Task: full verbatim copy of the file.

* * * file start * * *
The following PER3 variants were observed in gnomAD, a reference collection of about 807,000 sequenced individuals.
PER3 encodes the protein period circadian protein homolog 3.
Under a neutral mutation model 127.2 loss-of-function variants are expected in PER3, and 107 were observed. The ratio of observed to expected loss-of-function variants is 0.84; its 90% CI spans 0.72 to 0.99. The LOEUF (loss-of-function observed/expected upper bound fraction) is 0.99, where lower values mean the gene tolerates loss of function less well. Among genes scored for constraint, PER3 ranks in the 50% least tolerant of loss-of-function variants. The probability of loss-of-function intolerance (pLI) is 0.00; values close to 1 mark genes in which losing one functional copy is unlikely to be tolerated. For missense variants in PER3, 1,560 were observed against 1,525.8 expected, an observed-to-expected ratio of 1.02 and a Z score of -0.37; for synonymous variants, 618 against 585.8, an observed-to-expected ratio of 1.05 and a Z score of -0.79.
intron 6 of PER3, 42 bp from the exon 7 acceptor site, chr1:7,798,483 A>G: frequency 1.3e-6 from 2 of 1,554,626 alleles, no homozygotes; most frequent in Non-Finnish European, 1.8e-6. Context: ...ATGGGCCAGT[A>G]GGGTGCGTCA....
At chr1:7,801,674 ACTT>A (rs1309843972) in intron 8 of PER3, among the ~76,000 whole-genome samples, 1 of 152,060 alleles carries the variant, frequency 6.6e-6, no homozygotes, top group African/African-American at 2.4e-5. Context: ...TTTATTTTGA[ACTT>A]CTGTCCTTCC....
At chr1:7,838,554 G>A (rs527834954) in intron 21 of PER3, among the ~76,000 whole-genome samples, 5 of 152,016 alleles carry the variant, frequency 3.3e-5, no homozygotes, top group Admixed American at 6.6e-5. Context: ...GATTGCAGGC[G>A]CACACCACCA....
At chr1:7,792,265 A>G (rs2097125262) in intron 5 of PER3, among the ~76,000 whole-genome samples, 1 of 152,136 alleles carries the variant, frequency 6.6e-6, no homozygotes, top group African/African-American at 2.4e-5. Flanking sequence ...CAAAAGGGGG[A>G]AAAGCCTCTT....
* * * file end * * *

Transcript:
The following PER3 variants were observed in gnomAD, a reference collection of about 807,000 sequenced individuals.
PER3 encodes the protein period circadian protein homolog 3.
Under a neutral mutation model 127.2 loss-of-function variants are expected in PER3, and 107 were observed. The ratio of observed to expected loss-of-function variants is 0.84; its 90% CI spans 0.72 to 0.99. The LOEUF (loss-of-function observed/expected upper bound fraction) is 0.99, where lower values mean the gene tolerates loss of function less well. Among genes scored for constraint, PER3 ranks in the 50% least tolerant of loss-of-function variants. The probability of loss-of-function intolerance (pLI) is 0.00; values close to 1 mark genes in which losing one functional copy is unlikely to be tolerated. For missense variants in PER3, 1,560 were observed against 1,525.8 expected, an observed-to-expected ratio of 1.02 and a Z score of -0.37; for synonymous variants, 618 against 585.8, an observed-to-expected ratio of 1.05 and a Z score of -0.79.
intron 6 of PER3, 42 bp from the exon 7 acceptor site, chr1:7,798,483 A>G: frequency 1.3e-6 from 2 of 1,554,626 alleles, no homozygotes; most frequent in Non-Finnish European, 1.8e-6. Context: ...ATGGGCCAGT[A>G]GGGTGCGTCA....
At chr1:7,801,674 ACTT>A (rs1309843972) in intron 8 of PER3, among the ~76,000 whole-genome samples, 1 of 152,060 alleles carries the variant, frequency 6.6e-6, no homozygotes, top group African/African-American at 2.4e-5. Context: ...TTTATTTTGA[ACTT>A]CTGTCCTTCC....
At chr1:7,838,554 G>A (rs527834954) in intron 21 of PER3, among the ~76,000 whole-genome samples, 5 of 152,016 alleles carry the variant, frequency 3.3e-5, no homozygotes, top group Admixed American at 6.6e-5. Context: ...GATTGCAGGC[G>A]CACACCACCA....
At chr1:7,792,265 A>G (rs2097125262) in intron 5 of PER3, among the ~76,000 whole-genome samples, 1 of 152,136 alleles carries the variant, frequency 6.6e-6, no homozygotes, top group African/African-American at 2.4e-5. Flanking sequence ...CAAAAGGGGG[A>G]AAAGCCTCTT....